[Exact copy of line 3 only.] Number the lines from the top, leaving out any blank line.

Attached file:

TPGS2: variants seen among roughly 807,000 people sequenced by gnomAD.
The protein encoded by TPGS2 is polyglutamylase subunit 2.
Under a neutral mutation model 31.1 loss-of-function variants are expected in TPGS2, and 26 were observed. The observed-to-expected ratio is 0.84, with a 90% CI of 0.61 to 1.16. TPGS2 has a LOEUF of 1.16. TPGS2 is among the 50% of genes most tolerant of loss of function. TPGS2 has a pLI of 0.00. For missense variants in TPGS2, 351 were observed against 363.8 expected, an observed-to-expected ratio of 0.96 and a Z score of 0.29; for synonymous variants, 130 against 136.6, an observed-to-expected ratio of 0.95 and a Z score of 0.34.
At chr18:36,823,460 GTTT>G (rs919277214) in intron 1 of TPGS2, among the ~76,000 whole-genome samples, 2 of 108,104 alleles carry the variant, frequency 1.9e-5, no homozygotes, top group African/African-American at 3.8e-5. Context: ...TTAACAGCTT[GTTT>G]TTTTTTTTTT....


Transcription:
Under a neutral mutation model 31.1 loss-of-function variants are expected in TPGS2, and 26 were observed. The observed-to-expected ratio is 0.84, with a 90% CI of 0.61 to 1.16. TPGS2 has a LOEUF of 1.16. TPGS2 is among the 50% of genes most tolerant of loss of function. TPGS2 has a pLI of 0.00. For missense variants in TPGS2, 351 were observed against 363.8 expected, an observed-to-expected ratio of 0.96 and a Z score of 0.29; for synonymous variants, 130 against 136.6, an observed-to-expected ratio of 0.95 and a Z score of 0.34.